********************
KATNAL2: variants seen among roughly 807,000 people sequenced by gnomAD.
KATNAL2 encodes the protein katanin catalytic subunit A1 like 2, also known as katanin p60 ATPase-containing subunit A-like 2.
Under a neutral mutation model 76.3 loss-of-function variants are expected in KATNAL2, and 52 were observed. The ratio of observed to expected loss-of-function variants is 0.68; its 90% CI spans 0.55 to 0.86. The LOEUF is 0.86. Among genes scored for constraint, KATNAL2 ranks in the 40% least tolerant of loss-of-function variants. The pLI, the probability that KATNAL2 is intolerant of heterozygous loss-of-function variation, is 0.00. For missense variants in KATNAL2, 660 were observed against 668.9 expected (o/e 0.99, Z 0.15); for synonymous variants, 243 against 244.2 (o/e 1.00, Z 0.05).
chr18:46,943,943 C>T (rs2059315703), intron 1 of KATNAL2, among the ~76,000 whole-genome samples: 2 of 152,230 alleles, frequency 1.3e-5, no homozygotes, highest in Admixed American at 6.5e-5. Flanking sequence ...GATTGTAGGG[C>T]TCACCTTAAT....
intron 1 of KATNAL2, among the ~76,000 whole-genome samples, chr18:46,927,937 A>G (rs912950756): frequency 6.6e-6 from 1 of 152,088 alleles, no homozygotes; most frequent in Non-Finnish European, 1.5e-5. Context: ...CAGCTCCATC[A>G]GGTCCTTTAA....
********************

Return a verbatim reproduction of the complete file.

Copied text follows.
KATNAL2: variants seen among roughly 807,000 people sequenced by gnomAD.
KATNAL2 encodes the protein katanin catalytic subunit A1 like 2, also known as katanin p60 ATPase-containing subunit A-like 2.
Under a neutral mutation model 76.3 loss-of-function variants are expected in KATNAL2, and 52 were observed. The ratio of observed to expected loss-of-function variants is 0.68; its 90% CI spans 0.55 to 0.86. The LOEUF is 0.86. Among genes scored for constraint, KATNAL2 ranks in the 40% least tolerant of loss-of-function variants. The pLI, the probability that KATNAL2 is intolerant of heterozygous loss-of-function variation, is 0.00. For missense variants in KATNAL2, 660 were observed against 668.9 expected (o/e 0.99, Z 0.15); for synonymous variants, 243 against 244.2 (o/e 1.00, Z 0.05).
chr18:46,943,943 C>T (rs2059315703), intron 1 of KATNAL2, among the ~76,000 whole-genome samples: 2 of 152,230 alleles, frequency 1.3e-5, no homozygotes, highest in Admixed American at 6.5e-5. Flanking sequence ...GATTGTAGGG[C>T]TCACCTTAAT....
intron 1 of KATNAL2, among the ~76,000 whole-genome samples, chr18:46,927,937 A>G (rs912950756): frequency 6.6e-6 from 1 of 152,088 alleles, no homozygotes; most frequent in Non-Finnish European, 1.5e-5. Context: ...CAGCTCCATC[A>G]GGTCCTTTAA....